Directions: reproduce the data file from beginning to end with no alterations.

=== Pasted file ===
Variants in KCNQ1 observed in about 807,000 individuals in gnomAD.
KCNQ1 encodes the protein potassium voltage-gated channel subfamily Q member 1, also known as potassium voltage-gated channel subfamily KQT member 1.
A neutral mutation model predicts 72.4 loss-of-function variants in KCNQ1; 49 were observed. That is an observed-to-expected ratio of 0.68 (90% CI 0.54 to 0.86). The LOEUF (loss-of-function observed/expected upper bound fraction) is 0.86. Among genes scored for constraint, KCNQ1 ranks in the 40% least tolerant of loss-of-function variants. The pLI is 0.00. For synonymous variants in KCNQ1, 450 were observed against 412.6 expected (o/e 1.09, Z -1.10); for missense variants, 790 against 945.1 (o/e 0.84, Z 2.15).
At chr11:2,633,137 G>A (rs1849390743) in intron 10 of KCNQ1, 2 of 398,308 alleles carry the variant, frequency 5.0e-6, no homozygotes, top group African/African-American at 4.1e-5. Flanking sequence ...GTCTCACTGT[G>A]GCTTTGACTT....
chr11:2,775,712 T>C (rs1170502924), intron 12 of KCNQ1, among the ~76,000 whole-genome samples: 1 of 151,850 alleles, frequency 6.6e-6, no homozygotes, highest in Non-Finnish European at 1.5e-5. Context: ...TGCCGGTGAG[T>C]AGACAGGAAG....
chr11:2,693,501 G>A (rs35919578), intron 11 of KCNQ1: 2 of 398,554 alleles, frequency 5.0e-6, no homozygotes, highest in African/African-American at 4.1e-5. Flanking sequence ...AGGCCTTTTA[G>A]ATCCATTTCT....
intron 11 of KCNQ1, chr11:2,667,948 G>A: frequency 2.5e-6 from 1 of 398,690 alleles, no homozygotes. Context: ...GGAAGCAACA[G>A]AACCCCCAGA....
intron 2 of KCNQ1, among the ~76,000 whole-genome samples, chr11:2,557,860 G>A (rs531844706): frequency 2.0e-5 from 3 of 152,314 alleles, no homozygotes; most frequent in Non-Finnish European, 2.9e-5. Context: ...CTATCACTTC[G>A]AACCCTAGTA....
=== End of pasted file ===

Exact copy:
Variants in KCNQ1 observed in about 807,000 individuals in gnomAD.
KCNQ1 encodes the protein potassium voltage-gated channel subfamily Q member 1, also known as potassium voltage-gated channel subfamily KQT member 1.
A neutral mutation model predicts 72.4 loss-of-function variants in KCNQ1; 49 were observed. That is an observed-to-expected ratio of 0.68 (90% CI 0.54 to 0.86). The LOEUF (loss-of-function observed/expected upper bound fraction) is 0.86. Among genes scored for constraint, KCNQ1 ranks in the 40% least tolerant of loss-of-function variants. The pLI is 0.00. For synonymous variants in KCNQ1, 450 were observed against 412.6 expected (o/e 1.09, Z -1.10); for missense variants, 790 against 945.1 (o/e 0.84, Z 2.15).
At chr11:2,633,137 G>A (rs1849390743) in intron 10 of KCNQ1, 2 of 398,308 alleles carry the variant, frequency 5.0e-6, no homozygotes, top group African/African-American at 4.1e-5. Flanking sequence ...GTCTCACTGT[G>A]GCTTTGACTT....
chr11:2,775,712 T>C (rs1170502924), intron 12 of KCNQ1, among the ~76,000 whole-genome samples: 1 of 151,850 alleles, frequency 6.6e-6, no homozygotes, highest in Non-Finnish European at 1.5e-5. Context: ...TGCCGGTGAG[T>C]AGACAGGAAG....
chr11:2,693,501 G>A (rs35919578), intron 11 of KCNQ1: 2 of 398,554 alleles, frequency 5.0e-6, no homozygotes, highest in African/African-American at 4.1e-5. Flanking sequence ...AGGCCTTTTA[G>A]ATCCATTTCT....
intron 11 of KCNQ1, chr11:2,667,948 G>A: frequency 2.5e-6 from 1 of 398,690 alleles, no homozygotes. Context: ...GGAAGCAACA[G>A]AACCCCCAGA....
intron 2 of KCNQ1, among the ~76,000 whole-genome samples, chr11:2,557,860 G>A (rs531844706): frequency 2.0e-5 from 3 of 152,314 alleles, no homozygotes; most frequent in Non-Finnish European, 2.9e-5. Context: ...CTATCACTTC[G>A]AACCCTAGTA....